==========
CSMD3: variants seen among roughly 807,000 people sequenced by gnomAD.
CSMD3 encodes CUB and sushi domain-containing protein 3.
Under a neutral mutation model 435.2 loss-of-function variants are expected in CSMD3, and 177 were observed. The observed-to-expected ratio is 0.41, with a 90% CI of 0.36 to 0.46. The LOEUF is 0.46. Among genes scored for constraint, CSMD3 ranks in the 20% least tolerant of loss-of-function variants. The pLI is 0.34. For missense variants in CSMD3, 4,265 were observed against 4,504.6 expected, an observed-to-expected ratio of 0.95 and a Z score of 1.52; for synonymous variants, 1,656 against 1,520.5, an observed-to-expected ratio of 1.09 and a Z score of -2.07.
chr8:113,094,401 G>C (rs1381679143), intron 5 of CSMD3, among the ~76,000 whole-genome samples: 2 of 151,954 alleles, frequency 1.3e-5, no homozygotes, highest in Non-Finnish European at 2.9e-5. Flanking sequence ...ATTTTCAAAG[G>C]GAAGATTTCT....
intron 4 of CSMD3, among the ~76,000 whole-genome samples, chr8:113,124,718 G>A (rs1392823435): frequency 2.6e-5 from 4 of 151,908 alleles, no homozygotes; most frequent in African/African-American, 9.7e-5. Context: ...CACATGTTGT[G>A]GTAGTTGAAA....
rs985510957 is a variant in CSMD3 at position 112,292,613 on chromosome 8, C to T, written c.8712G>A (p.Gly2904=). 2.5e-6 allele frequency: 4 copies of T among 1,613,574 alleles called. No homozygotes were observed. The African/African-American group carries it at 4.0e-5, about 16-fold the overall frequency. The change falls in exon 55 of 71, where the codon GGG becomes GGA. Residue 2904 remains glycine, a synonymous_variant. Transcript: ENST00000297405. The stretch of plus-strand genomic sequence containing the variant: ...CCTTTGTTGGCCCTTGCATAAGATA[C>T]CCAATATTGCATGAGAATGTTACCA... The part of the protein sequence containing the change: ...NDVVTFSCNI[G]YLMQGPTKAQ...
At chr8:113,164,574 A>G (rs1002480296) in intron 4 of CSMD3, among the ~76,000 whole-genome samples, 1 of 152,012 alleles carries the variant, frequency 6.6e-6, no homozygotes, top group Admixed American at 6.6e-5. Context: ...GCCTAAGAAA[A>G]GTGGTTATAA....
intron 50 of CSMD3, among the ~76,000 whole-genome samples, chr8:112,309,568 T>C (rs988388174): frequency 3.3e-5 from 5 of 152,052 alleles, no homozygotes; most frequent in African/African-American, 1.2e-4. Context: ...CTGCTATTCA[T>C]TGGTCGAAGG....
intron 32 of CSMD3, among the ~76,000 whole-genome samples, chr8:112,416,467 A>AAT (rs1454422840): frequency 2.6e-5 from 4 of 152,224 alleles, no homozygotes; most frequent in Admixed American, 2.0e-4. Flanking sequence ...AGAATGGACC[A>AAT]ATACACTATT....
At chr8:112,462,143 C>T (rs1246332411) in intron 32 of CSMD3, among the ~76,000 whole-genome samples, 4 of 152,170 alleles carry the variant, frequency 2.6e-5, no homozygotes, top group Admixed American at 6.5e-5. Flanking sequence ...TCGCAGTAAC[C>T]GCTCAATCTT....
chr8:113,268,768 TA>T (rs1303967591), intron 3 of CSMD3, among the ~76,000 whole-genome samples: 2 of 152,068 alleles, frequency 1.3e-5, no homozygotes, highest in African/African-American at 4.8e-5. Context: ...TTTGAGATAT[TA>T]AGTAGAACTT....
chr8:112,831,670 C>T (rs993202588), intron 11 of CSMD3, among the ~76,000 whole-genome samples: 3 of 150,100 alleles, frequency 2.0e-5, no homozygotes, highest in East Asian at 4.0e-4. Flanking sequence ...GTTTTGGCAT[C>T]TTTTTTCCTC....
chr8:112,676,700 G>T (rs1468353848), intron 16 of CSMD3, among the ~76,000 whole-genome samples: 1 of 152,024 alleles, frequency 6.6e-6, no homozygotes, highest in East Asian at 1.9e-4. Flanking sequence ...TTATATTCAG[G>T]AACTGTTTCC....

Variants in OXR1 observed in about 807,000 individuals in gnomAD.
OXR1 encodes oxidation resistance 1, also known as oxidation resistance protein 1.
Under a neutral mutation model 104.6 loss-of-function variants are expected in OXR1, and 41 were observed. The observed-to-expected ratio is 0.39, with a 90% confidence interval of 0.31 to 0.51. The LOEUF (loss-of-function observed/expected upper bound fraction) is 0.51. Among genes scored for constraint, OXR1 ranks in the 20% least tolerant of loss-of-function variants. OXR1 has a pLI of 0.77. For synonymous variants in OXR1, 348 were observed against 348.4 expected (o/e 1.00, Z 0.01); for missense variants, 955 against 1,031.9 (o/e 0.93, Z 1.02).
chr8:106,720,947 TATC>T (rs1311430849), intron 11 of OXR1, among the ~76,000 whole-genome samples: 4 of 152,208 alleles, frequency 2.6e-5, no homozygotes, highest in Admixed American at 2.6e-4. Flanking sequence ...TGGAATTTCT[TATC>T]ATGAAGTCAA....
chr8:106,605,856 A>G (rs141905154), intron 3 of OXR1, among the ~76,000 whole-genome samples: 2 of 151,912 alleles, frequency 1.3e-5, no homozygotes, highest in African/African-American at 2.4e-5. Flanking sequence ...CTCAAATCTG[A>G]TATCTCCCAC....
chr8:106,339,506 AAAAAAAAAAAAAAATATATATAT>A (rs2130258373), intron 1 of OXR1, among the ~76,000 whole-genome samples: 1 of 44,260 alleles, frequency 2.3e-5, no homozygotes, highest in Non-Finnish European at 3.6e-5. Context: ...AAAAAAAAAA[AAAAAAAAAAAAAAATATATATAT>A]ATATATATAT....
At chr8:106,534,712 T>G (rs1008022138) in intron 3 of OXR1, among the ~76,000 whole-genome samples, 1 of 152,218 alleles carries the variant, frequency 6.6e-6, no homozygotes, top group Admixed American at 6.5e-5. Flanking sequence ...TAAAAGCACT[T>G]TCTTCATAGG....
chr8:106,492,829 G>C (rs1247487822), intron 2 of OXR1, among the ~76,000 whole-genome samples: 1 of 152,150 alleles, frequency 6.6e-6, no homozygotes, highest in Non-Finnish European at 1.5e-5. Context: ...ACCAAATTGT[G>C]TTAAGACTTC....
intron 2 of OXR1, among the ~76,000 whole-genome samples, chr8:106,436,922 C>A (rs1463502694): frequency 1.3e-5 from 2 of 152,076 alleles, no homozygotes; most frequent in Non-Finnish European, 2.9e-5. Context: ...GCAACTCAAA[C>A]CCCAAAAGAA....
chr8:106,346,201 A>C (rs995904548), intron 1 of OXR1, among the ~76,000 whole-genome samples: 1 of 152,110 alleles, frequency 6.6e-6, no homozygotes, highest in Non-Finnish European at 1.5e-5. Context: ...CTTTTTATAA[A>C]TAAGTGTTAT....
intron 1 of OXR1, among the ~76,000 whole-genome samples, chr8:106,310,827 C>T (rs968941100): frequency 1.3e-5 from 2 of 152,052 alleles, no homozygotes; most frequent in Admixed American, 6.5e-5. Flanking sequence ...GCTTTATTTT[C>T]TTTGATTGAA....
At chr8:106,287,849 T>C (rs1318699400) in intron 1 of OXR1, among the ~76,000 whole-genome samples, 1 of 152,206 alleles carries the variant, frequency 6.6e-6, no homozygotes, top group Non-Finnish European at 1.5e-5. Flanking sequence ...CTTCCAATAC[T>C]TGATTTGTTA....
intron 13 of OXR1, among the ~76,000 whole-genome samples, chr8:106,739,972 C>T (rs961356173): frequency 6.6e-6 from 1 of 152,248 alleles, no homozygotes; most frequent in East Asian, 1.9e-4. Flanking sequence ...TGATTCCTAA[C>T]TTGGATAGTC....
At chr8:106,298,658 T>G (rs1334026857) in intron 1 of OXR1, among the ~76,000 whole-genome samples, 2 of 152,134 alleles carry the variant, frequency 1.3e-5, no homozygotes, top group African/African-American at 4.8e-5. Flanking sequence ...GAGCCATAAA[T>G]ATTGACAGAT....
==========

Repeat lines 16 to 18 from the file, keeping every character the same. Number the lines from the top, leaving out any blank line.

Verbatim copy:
Under a neutral mutation model 104.6 loss-of-function variants are expected in OXR1, and 41 were observed. The observed-to-expected ratio is 0.39, with a 90% confidence interval of 0.31 to 0.51. The LOEUF (loss-of-function observed/expected upper bound fraction) is 0.51. Among genes scored for constraint, OXR1 ranks in the 20% least tolerant of loss-of-function variants. OXR1 has a pLI of 0.77. For synonymous variants in OXR1, 348 were observed against 348.4 expected (o/e 1.00, Z 0.01); for missense variants, 955 against 1,031.9 (o/e 0.93, Z 1.02).
chr8:106,720,947 TATC>T (rs1311430849), intron 11 of OXR1, among the ~76,000 whole-genome samples: 4 of 152,208 alleles, frequency 2.6e-5, no homozygotes, highest in Admixed American at 2.6e-4. Flanking sequence ...TGGAATTTCT[TATC>T]ATGAAGTCAA....
chr8:106,605,856 A>G (rs141905154), intron 3 of OXR1, among the ~76,000 whole-genome samples: 2 of 151,912 alleles, frequency 1.3e-5, no homozygotes, highest in African/African-American at 2.4e-5. Flanking sequence ...CTCAAATCTG[A>G]TATCTCCCAC....